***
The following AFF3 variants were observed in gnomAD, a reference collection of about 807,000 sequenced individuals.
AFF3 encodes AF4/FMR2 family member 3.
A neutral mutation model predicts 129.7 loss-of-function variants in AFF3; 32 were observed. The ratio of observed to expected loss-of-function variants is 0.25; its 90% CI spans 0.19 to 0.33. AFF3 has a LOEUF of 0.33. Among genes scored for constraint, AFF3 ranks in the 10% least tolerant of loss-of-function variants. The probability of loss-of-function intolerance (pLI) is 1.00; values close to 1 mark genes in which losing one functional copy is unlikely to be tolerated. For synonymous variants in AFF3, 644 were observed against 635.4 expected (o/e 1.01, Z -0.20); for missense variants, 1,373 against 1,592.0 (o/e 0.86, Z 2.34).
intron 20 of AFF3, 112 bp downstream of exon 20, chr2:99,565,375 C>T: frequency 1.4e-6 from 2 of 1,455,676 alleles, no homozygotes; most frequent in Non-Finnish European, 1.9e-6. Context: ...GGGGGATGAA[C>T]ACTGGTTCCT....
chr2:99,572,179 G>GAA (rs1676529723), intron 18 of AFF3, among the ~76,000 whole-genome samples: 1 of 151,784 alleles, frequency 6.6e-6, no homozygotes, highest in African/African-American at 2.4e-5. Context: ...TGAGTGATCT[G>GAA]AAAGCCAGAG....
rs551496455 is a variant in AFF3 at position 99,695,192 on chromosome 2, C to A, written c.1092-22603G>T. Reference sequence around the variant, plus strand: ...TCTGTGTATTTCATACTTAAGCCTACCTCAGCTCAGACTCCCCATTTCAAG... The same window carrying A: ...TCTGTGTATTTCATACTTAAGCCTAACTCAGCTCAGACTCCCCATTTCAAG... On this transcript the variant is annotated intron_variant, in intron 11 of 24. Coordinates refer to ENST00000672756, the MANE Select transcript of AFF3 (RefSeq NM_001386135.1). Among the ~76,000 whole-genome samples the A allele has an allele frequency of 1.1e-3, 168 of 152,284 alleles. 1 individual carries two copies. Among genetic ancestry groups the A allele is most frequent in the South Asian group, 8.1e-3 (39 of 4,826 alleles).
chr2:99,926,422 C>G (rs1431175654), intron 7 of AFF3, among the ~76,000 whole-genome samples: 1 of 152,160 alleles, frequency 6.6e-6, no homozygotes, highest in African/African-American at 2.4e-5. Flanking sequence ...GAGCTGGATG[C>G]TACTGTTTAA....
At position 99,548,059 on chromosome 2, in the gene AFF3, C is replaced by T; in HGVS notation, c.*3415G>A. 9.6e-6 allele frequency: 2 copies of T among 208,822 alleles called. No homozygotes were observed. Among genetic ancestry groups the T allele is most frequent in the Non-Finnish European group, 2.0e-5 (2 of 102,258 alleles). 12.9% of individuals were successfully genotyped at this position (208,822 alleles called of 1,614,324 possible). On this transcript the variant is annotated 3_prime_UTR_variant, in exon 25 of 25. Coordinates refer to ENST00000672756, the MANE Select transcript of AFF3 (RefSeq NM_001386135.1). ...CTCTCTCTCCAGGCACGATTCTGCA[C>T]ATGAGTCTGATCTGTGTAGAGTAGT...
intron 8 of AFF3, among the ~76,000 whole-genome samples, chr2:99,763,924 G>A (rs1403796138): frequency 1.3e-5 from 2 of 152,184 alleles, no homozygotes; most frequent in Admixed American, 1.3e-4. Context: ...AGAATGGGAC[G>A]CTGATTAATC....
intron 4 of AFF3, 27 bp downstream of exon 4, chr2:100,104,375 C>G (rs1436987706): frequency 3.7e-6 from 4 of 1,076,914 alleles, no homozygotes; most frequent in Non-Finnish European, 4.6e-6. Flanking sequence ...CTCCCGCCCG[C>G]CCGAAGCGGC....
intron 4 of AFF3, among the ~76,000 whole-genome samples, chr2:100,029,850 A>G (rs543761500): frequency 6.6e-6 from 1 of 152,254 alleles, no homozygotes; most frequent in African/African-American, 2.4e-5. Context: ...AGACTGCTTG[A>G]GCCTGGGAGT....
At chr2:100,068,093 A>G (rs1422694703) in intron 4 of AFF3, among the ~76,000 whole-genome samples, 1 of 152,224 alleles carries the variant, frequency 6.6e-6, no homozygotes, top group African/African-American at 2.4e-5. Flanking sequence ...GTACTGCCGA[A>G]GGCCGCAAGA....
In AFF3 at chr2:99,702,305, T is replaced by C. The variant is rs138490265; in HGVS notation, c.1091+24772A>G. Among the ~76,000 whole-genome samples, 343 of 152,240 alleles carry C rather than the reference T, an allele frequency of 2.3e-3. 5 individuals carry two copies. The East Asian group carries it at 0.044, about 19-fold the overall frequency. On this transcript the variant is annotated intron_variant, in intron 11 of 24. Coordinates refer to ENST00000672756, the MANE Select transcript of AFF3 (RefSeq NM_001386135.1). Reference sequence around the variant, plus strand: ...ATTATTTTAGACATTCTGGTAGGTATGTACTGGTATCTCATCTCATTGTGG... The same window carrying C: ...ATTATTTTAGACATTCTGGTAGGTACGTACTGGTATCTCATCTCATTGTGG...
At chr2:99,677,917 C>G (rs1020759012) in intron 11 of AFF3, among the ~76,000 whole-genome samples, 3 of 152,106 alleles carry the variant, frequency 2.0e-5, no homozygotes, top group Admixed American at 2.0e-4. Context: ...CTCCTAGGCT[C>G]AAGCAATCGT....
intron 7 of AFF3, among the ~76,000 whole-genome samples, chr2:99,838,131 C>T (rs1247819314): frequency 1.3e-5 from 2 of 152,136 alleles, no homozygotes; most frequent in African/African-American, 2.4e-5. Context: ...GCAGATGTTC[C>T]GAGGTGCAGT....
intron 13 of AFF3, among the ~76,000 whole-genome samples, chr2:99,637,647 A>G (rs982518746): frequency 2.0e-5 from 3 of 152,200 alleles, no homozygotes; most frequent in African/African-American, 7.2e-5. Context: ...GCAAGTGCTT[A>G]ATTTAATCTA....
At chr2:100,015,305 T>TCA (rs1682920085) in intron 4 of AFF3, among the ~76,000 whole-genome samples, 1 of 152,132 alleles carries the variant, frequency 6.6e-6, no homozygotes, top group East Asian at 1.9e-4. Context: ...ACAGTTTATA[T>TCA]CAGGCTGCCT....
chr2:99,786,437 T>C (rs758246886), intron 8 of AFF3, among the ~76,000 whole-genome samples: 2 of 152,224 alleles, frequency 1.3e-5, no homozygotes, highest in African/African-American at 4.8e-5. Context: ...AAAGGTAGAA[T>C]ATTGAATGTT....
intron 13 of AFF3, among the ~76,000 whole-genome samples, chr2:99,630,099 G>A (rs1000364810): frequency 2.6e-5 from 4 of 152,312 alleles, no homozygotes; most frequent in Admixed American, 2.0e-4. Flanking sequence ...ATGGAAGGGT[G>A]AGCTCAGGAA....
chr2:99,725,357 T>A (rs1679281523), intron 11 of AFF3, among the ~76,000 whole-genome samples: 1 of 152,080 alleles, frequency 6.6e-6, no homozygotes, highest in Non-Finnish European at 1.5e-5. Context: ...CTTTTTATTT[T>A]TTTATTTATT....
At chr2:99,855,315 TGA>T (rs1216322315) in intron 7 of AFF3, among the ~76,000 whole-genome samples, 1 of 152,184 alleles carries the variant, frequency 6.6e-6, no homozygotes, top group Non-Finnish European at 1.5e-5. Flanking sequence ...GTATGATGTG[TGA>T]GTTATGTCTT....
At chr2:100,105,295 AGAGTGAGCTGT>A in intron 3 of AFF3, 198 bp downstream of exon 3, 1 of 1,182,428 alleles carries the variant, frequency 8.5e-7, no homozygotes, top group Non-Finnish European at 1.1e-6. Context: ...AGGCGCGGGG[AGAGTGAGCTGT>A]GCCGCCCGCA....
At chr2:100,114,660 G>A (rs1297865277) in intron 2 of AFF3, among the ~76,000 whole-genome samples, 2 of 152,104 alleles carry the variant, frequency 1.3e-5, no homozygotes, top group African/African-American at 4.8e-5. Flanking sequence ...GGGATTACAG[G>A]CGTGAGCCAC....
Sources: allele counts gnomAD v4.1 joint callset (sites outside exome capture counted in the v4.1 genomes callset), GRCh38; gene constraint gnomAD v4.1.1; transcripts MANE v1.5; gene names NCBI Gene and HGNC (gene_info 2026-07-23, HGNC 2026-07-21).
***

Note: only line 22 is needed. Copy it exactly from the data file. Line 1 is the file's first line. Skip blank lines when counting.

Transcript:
At chr2:100,105,295 AGAGTGAGCTGT>A in intron 3 of AFF3, 198 bp downstream of exon 3, 1 of 1,182,428 alleles carries the variant, frequency 8.5e-7, no homozygotes, top group Non-Finnish European at 1.1e-6. Context: ...AGGCGCGGGG[AGAGTGAGCTGT>A]GCCGCCCGCA....